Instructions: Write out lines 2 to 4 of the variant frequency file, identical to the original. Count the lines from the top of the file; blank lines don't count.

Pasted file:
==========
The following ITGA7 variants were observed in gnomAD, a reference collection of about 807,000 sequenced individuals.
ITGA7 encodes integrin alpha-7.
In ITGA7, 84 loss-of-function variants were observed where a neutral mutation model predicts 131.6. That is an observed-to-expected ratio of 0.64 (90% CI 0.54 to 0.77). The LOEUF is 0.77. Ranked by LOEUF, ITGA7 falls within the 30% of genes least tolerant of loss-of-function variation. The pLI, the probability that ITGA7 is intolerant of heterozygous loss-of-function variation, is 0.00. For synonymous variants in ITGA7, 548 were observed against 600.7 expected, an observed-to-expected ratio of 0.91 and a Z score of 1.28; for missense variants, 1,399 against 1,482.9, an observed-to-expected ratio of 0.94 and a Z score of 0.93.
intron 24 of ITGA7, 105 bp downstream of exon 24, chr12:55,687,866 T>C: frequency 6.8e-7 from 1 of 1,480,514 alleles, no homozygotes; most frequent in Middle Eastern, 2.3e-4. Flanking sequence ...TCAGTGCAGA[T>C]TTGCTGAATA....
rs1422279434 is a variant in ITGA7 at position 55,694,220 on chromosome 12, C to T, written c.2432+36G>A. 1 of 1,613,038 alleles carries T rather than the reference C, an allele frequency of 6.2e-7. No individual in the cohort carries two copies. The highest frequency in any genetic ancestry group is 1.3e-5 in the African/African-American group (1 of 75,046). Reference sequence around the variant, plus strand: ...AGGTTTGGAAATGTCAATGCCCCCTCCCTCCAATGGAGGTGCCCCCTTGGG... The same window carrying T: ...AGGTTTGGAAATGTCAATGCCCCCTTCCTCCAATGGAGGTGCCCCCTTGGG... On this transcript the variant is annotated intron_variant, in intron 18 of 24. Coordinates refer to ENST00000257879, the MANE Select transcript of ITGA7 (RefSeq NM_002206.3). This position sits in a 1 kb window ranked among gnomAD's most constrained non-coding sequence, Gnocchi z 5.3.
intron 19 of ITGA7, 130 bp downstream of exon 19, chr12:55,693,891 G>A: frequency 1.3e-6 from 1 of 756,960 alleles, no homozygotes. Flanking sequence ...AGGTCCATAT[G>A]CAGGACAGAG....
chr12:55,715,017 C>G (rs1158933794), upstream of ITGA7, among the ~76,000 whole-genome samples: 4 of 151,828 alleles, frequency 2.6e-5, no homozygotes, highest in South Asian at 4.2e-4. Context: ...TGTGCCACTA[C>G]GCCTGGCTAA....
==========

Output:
ITGA7 encodes integrin alpha-7.
In ITGA7, 84 loss-of-function variants were observed where a neutral mutation model predicts 131.6. That is an observed-to-expected ratio of 0.64 (90% CI 0.54 to 0.77). The LOEUF is 0.77. Ranked by LOEUF, ITGA7 falls within the 30% of genes least tolerant of loss-of-function variation. The pLI, the probability that ITGA7 is intolerant of heterozygous loss-of-function variation, is 0.00. For synonymous variants in ITGA7, 548 were observed against 600.7 expected, an observed-to-expected ratio of 0.91 and a Z score of 1.28; for missense variants, 1,399 against 1,482.9, an observed-to-expected ratio of 0.94 and a Z score of 0.93.
intron 24 of ITGA7, 105 bp downstream of exon 24, chr12:55,687,866 T>C: frequency 6.8e-7 from 1 of 1,480,514 alleles, no homozygotes; most frequent in Middle Eastern, 2.3e-4. Flanking sequence ...TCAGTGCAGA[T>C]TTGCTGAATA....